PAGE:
Back in December, we predicted Fox, then far behind CBS in the key ad demo of adults 18 to 49, would pull ahead in that measure by March or April. Turns out we were being overly cautious: As of this week, Rupert Murdoch's other network is a dominant No. 1 with viewers under 50, a full four-tenths of a ratings point ahead of former front-runner CBS. The most-watched Super Bowl ever, of course, is the main reason Fox is in first right now, but the strong return of American Idol has also made a big difference. Fox scored victories in unexpected places, too: Switching Fringe to Fridays has barely dented the show's ratings (which admittedly weren't huge to begin with), and more important has made Fox a player on a night that had previously been a Nielsen black hole.
Despite all of its success this season, Fox isn't having a lot of luck launching new dramas. You know the sad story of Lone Star; last night, Fox premiered another hour behind House — Shawn Ryan's heavily hyped The Chicago Code — and the results were kinda disappointing. The good news: Code is no Lone Star. Its opening audience of 9.4 million viewers was double its fall predecessor, and up 59 percent from what Lie to Me had been averaging more recently. But among folks under 50, Code managed just a 2.4 rating, losing almost half of its House lead-in and finishing a weak third in its 9 p.m. time slot. This, despite a promotional onslaught during Sunday's Super Bowl that saw the show hyped about once every 30 minutes. Code got generally great reviews and could benefit from word of mouth as well as DVR data. Given how well Fox is doing elsewhere, as long as Code doesn't suffer major declines in coming weeks, the network can afford to be patient.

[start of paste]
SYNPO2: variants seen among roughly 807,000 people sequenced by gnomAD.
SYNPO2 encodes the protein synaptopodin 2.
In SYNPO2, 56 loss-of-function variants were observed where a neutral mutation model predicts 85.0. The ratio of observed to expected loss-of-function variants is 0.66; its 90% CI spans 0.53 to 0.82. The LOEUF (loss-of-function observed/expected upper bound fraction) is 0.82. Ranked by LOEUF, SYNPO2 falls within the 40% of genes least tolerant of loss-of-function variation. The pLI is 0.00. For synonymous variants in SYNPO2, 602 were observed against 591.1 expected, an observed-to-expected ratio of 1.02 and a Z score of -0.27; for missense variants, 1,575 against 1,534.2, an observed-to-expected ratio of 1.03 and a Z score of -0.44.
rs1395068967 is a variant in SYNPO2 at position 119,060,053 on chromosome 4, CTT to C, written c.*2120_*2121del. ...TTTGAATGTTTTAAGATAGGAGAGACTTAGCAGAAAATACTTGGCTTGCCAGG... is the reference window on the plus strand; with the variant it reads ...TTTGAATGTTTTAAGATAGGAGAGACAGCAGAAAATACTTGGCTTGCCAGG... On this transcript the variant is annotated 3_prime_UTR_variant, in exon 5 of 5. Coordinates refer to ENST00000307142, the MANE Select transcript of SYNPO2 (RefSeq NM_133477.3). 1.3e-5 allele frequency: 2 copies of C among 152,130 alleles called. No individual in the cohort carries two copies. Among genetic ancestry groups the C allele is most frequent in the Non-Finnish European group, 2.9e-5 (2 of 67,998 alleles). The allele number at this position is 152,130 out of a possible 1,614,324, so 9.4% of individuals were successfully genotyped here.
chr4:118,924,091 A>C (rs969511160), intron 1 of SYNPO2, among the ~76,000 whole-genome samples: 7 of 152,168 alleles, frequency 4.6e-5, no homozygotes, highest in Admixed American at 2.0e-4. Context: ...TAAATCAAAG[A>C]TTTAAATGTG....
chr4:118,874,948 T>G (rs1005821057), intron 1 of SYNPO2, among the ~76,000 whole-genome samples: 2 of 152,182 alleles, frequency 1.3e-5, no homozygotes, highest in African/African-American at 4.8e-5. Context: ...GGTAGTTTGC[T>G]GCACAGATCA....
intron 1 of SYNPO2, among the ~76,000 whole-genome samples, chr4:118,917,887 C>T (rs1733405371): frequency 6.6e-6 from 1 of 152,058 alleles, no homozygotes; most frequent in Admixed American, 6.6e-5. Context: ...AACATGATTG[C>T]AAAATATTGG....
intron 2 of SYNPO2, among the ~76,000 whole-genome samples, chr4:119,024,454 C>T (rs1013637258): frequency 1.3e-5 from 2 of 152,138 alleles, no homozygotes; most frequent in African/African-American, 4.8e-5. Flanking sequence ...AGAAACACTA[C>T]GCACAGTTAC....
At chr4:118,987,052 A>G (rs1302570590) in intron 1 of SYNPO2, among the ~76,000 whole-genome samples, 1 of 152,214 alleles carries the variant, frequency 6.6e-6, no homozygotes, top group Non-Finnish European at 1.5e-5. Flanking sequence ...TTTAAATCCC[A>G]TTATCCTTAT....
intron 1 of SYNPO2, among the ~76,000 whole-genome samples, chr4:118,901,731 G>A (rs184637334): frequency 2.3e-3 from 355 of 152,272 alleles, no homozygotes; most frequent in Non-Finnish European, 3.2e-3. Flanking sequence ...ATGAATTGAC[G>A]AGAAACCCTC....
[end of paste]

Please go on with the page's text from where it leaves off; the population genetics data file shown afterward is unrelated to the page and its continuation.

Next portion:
Behind the Numbers
If Fox is looking for another reason to be patient with Code, it might want to consider how much other new dramas are struggling this season. Take CBS's Hawaii Five-0, relentlessly promoted by the Eye as "TV's No. 1 New Drama!" That's true, but drill down a little and it turns out that among adults 18 to 49, Five-0 is actually down 21 percent versus what the fading CSI: Miami had been averaging at 10 p.m. Mondays last season. That's a major bummer, but it's actually a rousing success compared to the rest of the class of 2010.
ABC, for example, has premiered five new dramas this season to disastrous results: two are dead (My Generation, The Whole Truth), two are among the walking dead (Detroit 1-8-7, No Ordinary Family), and one is dramatically underperforming (Off the Map). And NBC's new hours — from The Event and The Cape to Chase and Outlaw — have pretty much been dead on arrival (winter newbie Harry's Law has actually done okay, though it took a hit last night versus a first-run Five-0). Chicago Code may not have gotten off to a fast start, but it at least has a pulse.